Standard Notes gains file attachments

Standard Notes is an end-to-end encrypted notes syncing application built for longevity:

Our revolutionary, paradigm-shifting 21st-century business plan is to keep your information ready for the 22nd century. The notes you write now should be there for you in a 100 years. That’s our killer app.

It’s one of the rare times when I value function over form. It’s an ugly application, feeling wholly unnative and lacking in important things like keyboard shortcuts. Why keep using it? There’s no other service that can sync my notes with zero knowledge across devices.

One of the bigger holes–not being able to attach and sync files–is partially filled today with the release of FileSafe:

When you use FileSafe, you attach files[…]to your individual notes. These files are then encrypted by Standard Notes offline (client-side) first, then uploaded in their encrypted form to your Dropbox, Google Drive, or WebDAV compliant server (Nextcloud, ownCloud, Seafile, Synology, and others).

It’s barebones. You can upload to a note and download from a note. There’s no previews, no inlining. It doesn’t work on mobile yet. It’s not what you would expect out of attaching a file to a note.

Privacy is such a strong differentiator.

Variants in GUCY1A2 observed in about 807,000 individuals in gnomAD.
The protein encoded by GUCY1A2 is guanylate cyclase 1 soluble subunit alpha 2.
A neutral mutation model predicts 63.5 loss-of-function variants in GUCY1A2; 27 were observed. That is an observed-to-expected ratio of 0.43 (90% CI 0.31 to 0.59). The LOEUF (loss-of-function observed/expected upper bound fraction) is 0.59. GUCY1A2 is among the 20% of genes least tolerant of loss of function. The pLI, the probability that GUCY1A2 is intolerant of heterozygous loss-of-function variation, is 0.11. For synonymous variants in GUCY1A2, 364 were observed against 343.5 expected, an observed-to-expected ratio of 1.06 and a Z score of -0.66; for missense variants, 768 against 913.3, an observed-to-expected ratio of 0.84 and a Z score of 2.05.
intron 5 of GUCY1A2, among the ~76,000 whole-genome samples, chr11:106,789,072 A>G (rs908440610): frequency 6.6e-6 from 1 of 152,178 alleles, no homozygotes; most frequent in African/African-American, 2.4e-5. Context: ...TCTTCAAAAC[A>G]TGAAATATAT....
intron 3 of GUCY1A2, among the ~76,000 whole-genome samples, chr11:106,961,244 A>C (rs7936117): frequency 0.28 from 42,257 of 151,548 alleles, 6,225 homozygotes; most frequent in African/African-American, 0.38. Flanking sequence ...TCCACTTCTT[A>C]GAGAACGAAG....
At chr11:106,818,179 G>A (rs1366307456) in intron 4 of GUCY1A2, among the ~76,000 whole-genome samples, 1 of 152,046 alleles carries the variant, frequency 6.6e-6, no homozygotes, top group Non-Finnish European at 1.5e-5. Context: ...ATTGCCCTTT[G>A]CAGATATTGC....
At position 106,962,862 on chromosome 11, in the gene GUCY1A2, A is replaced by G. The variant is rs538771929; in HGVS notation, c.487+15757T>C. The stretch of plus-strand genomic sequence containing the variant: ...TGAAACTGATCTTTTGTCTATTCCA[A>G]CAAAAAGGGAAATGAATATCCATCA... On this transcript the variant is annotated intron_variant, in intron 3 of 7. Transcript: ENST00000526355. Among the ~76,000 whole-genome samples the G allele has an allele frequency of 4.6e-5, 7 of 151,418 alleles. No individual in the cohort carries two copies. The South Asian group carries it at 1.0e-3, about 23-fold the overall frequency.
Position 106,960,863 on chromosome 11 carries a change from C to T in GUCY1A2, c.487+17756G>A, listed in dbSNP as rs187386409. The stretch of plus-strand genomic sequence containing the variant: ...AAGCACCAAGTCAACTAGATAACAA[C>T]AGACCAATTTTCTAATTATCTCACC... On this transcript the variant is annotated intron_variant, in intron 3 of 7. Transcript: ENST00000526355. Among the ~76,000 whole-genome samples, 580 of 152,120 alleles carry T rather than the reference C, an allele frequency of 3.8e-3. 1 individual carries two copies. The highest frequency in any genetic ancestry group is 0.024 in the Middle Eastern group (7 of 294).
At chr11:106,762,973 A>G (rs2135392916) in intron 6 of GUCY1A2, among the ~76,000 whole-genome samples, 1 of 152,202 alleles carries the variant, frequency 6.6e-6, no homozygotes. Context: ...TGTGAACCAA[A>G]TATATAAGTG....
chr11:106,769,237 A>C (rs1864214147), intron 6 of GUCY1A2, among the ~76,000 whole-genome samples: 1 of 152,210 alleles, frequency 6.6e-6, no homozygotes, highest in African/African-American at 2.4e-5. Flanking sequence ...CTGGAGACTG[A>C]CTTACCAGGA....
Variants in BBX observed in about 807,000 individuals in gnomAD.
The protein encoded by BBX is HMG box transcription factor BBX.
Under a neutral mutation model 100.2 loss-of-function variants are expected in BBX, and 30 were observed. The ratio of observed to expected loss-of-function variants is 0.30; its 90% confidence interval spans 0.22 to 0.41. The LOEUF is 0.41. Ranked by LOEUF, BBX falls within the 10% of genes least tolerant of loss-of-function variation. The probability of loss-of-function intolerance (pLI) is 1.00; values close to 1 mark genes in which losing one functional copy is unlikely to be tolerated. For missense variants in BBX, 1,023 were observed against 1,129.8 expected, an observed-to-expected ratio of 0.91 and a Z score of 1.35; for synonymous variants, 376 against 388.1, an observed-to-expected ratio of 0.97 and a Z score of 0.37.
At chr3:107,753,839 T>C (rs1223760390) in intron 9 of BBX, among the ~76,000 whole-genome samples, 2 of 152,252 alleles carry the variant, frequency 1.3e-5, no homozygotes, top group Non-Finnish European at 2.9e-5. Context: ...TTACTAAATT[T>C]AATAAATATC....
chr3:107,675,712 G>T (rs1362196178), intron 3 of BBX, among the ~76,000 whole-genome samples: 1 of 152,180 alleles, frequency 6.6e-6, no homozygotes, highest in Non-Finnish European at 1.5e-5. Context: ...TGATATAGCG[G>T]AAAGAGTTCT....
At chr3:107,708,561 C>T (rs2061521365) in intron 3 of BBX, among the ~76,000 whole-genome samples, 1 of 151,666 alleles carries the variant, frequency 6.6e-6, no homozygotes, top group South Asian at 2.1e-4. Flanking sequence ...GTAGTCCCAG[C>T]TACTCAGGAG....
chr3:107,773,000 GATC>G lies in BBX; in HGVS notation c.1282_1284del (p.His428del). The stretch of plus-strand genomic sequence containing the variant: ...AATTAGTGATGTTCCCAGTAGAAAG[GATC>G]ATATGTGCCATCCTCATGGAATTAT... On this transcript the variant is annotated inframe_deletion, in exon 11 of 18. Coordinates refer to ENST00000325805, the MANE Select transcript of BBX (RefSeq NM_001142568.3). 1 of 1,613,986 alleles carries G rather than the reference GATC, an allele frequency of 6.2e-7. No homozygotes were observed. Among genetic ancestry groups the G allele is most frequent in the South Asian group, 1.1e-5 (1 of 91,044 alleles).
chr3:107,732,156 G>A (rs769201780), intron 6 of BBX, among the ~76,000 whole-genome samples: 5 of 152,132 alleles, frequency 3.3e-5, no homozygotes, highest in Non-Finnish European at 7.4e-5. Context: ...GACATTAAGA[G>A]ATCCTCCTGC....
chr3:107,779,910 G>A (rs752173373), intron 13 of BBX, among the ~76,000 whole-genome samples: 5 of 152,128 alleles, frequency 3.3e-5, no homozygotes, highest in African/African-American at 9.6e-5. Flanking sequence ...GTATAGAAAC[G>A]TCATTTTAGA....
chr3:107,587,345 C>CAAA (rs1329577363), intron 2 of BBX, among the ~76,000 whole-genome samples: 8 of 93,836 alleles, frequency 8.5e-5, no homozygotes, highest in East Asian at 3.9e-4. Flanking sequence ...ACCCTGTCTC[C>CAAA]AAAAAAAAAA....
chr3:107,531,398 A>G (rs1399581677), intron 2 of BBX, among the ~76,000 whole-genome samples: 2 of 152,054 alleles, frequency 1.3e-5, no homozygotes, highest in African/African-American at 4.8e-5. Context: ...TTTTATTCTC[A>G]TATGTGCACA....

ICANN created a history project documenting its formation nineteen years ago. I’m captivated by the interviews: corralling support and preventing disputes between so many interests seems like an impossible task. I couldn’t imagine the current political climate would come close to breaking something away from the US government with such bipartisan support. Their policies are downright ridiculous at times, but their history is certainly rich.

T-Mobile: good ideas, bad experience

When T-Mobile entered the wireless scene as the “Uncarrier” I was impressed. Their greatest contribution to the carrier ecosystem is consistently adding features, forcing other carriers to keep up. Instead of rationed text and voice, we’re in a world where data is king.

However, if you are considering T-Mobile service, I suggest reconsidering. The plans and features look appetizing, but their execution leaves a lot to be desired. I would not count on their unique features; just the now-basics with worse coverage.

I wrote off my initial experiences as anecdotal, but it became cumulatively enough for me to leave their service.

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